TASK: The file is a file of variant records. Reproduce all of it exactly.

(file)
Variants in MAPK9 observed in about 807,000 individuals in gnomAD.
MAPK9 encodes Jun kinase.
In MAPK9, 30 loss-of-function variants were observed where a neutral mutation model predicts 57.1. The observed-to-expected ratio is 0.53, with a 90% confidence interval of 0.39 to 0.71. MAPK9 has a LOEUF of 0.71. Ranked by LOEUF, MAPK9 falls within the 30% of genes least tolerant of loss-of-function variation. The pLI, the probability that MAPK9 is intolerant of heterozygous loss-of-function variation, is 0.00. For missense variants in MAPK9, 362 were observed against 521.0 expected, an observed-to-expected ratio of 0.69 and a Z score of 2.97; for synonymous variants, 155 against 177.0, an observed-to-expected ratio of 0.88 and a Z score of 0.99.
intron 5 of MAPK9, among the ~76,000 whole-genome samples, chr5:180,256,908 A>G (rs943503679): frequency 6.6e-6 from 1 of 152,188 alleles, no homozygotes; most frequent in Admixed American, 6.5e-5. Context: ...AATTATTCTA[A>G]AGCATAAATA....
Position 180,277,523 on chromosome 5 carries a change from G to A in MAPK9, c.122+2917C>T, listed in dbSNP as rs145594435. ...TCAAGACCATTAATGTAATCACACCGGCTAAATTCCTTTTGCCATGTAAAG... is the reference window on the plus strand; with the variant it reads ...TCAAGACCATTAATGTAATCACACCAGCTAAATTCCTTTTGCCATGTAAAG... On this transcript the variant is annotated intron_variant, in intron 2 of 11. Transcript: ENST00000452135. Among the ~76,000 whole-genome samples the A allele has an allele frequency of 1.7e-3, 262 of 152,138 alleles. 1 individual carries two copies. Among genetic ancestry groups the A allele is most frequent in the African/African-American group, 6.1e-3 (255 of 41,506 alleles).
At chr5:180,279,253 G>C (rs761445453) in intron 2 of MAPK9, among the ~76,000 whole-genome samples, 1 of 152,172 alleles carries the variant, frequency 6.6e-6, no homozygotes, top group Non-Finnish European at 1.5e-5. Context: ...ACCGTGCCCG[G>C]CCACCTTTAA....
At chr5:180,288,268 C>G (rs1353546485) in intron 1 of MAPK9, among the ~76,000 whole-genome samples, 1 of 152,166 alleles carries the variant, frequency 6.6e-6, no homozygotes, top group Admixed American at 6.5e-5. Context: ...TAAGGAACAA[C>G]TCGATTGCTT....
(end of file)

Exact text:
Variants in MAPK9 observed in about 807,000 individuals in gnomAD.
MAPK9 encodes Jun kinase.
In MAPK9, 30 loss-of-function variants were observed where a neutral mutation model predicts 57.1. The observed-to-expected ratio is 0.53, with a 90% confidence interval of 0.39 to 0.71. MAPK9 has a LOEUF of 0.71. Ranked by LOEUF, MAPK9 falls within the 30% of genes least tolerant of loss-of-function variation. The pLI, the probability that MAPK9 is intolerant of heterozygous loss-of-function variation, is 0.00. For missense variants in MAPK9, 362 were observed against 521.0 expected, an observed-to-expected ratio of 0.69 and a Z score of 2.97; for synonymous variants, 155 against 177.0, an observed-to-expected ratio of 0.88 and a Z score of 0.99.
intron 5 of MAPK9, among the ~76,000 whole-genome samples, chr5:180,256,908 A>G (rs943503679): frequency 6.6e-6 from 1 of 152,188 alleles, no homozygotes; most frequent in Admixed American, 6.5e-5. Context: ...AATTATTCTA[A>G]AGCATAAATA....
Position 180,277,523 on chromosome 5 carries a change from G to A in MAPK9, c.122+2917C>T, listed in dbSNP as rs145594435. ...TCAAGACCATTAATGTAATCACACCGGCTAAATTCCTTTTGCCATGTAAAG... is the reference window on the plus strand; with the variant it reads ...TCAAGACCATTAATGTAATCACACCAGCTAAATTCCTTTTGCCATGTAAAG... On this transcript the variant is annotated intron_variant, in intron 2 of 11. Transcript: ENST00000452135. Among the ~76,000 whole-genome samples the A allele has an allele frequency of 1.7e-3, 262 of 152,138 alleles. 1 individual carries two copies. Among genetic ancestry groups the A allele is most frequent in the African/African-American group, 6.1e-3 (255 of 41,506 alleles).
At chr5:180,279,253 G>C (rs761445453) in intron 2 of MAPK9, among the ~76,000 whole-genome samples, 1 of 152,172 alleles carries the variant, frequency 6.6e-6, no homozygotes, top group Non-Finnish European at 1.5e-5. Context: ...ACCGTGCCCG[G>C]CCACCTTTAA....
At chr5:180,288,268 C>G (rs1353546485) in intron 1 of MAPK9, among the ~76,000 whole-genome samples, 1 of 152,166 alleles carries the variant, frequency 6.6e-6, no homozygotes, top group Admixed American at 6.5e-5. Context: ...TAAGGAACAA[C>G]TCGATTGCTT....